When I wrote about how Somerville's affordable housing "bonus density" rules made it likely profitable to build 100% affordable housing, Chris pointed out that I was underestimating construction costs (I was using $150-$200/sqft, though also finding some parcels that looked good even at $600/sqft). I looked into this some and had trouble finding good estimates, and then I forgot about the conversation and posted about how a for-profit affordable housing investment fund could be a good idea. At which point Chris needed to again remind me that my cost estimates were likely too low. Whoops!

Chris gave two examples:

A recently completed 98 unit, 95,000 sqft development in Cambridge had a total cost of $587,000 per unit (Around $100k of that was land cost.). Another for-profit affordable housing project started post-pandemic is expecting to have a total cost—with *zero* land cost—of $615,000/unit. A public housing development is expecting to pay $960,000/unit. (That one is especially bad for a lot of reasons related to public procurement, federal public housing authority mandates, and cross-subsidy of unfunded spaces like community rooms, but just giving a sense of where these things sit.) These are for units that have a maximum sale price of around $250,000-$300,000, under the legislation.

The first one is $503/sqft excluding land. The second two don't include unit sizes, but assuming they're also 970sqft they come to $634/sqft and $990/sqft. These are all depressingly high, and I agree you can't profitably construct affordable housing at those prices.

On the other hand, these are all much higher than I'd expect? According to the census, new construction in the Northeast had a median cost of $179/sqft in 2021 (xls, sheet). This already includes things like lumber being more expensive during the pandemic; it's 24% more expensive than 2020 and 31% more than 2019. Now, the Boston area is one of the most expensive parts of the Northeast, Somerville can be hard to work with, and wood-frame is cheaper than 5-over-2. But people building new houses generally make them fancy ("luxury") and cheaper finish work should push things the other way. (You usually don't see this because 'affordable' units need to be as nice as the market-rate units in the development, but this doesn't apply if you're building 100% affordable.) I also expect there would be some savings from building many medium-scale projects in parallel?

For a minor bit of personal calibration, in 2017 we had dormers added to our house, which was 330sqft of new construction on the third floor of an existing building. This was $304/sqft, including things like "we needed to install wired smoke detectors in the whole rest of the house" and "this meant we had to move our electric meters and get a new line of service". Now, this didn't include kitchen, bathroom, or foundation work, but I'd expect a smallish job working in an existing building to be much more expensive than completely new construction?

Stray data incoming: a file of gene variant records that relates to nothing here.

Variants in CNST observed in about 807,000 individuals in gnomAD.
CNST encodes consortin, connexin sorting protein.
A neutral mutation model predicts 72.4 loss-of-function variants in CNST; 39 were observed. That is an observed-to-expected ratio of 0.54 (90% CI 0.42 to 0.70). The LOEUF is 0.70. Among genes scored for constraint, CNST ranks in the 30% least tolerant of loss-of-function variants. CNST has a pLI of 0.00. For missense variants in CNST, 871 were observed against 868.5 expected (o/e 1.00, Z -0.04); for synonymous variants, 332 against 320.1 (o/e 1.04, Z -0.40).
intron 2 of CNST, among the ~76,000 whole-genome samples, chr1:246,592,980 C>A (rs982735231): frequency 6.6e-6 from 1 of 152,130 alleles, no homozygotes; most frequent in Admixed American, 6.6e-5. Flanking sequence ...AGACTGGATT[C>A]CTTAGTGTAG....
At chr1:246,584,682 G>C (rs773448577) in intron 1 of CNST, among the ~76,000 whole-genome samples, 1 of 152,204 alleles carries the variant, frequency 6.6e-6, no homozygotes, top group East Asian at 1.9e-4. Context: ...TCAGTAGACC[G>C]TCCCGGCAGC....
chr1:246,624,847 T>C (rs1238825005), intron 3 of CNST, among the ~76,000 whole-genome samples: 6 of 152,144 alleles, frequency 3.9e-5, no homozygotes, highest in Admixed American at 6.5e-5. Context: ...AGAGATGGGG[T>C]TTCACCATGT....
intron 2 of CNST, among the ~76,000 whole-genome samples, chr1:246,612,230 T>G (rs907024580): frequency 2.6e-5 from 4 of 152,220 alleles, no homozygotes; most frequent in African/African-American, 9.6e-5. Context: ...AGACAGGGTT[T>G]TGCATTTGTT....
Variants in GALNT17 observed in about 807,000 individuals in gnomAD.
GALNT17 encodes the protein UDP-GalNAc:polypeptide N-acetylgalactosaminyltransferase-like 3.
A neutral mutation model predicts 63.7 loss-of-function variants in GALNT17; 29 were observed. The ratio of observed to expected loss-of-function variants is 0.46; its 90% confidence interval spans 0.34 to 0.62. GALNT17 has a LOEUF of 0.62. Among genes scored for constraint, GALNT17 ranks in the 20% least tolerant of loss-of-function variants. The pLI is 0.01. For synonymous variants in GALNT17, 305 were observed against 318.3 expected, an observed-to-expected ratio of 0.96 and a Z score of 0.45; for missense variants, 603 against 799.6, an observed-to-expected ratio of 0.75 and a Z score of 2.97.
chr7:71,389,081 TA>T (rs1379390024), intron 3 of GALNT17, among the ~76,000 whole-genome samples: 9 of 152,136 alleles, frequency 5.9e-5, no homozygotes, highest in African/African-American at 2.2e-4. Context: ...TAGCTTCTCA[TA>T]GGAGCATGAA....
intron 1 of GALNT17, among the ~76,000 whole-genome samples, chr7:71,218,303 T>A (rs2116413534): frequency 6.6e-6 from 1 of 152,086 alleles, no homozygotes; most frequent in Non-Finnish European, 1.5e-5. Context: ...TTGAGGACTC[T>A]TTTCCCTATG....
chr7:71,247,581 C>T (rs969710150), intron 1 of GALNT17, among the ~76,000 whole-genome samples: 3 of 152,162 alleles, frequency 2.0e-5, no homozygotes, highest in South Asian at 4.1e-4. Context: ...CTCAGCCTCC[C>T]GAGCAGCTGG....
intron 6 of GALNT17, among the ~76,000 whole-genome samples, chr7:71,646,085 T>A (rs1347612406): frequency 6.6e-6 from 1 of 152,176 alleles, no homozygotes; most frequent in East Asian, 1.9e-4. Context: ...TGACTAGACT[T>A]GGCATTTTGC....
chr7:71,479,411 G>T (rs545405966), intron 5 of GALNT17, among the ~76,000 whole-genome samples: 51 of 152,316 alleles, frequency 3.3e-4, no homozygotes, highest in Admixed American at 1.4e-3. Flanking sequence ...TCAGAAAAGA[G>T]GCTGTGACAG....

I could ask architects or GCs for rough estimates, but if I'm not actually going to be building anything this seems dubious. Does anyone have better cost estimates?

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I could ask architects or GCs for rough estimates, but if I'm not actually going to be building anything this seems dubious.

Maybe just be open and ask: "I'm writing a blog about building new affordable housing and doing research on the cost. Do you have an estimate? I'm happy to give you a backlink to your homepage on my blog post?"

That's a great idea! I just wrote to the architect for our dormer work:

Thanks again for designing our 2016 dormer addition: the design has worked well, and it's very helpful to have the extra space, especially now that we have a third kid!

I'm looking into affordable housing construction in Somerville, where we now have an affordable housing overlay district which allows construction of much denser housing than would normally be allowed as long as the units are all sold or rented under affordable housing restrictions.  I'm trying to figure out costs, in a very rough ballpark way, as part of looking into whether it could work for groups of neighbors to get together to fund affordable housing construction.

Would you happen to have any rules of thumb for estimating the cost per square foot of no-frills construction in this area?  For example, I see the census saying new construction in the Northeast had a median cost of $179/sqft in 2021, but my guess is places like Somerville are more expensive than average?  Alternatively, do you have any recommendations on who to ask?

If you're able to help I'd be happy to credit you or link back to your website from my writeup!

Which spreadsheet did you look at in the HUD data? Did you use the contract price?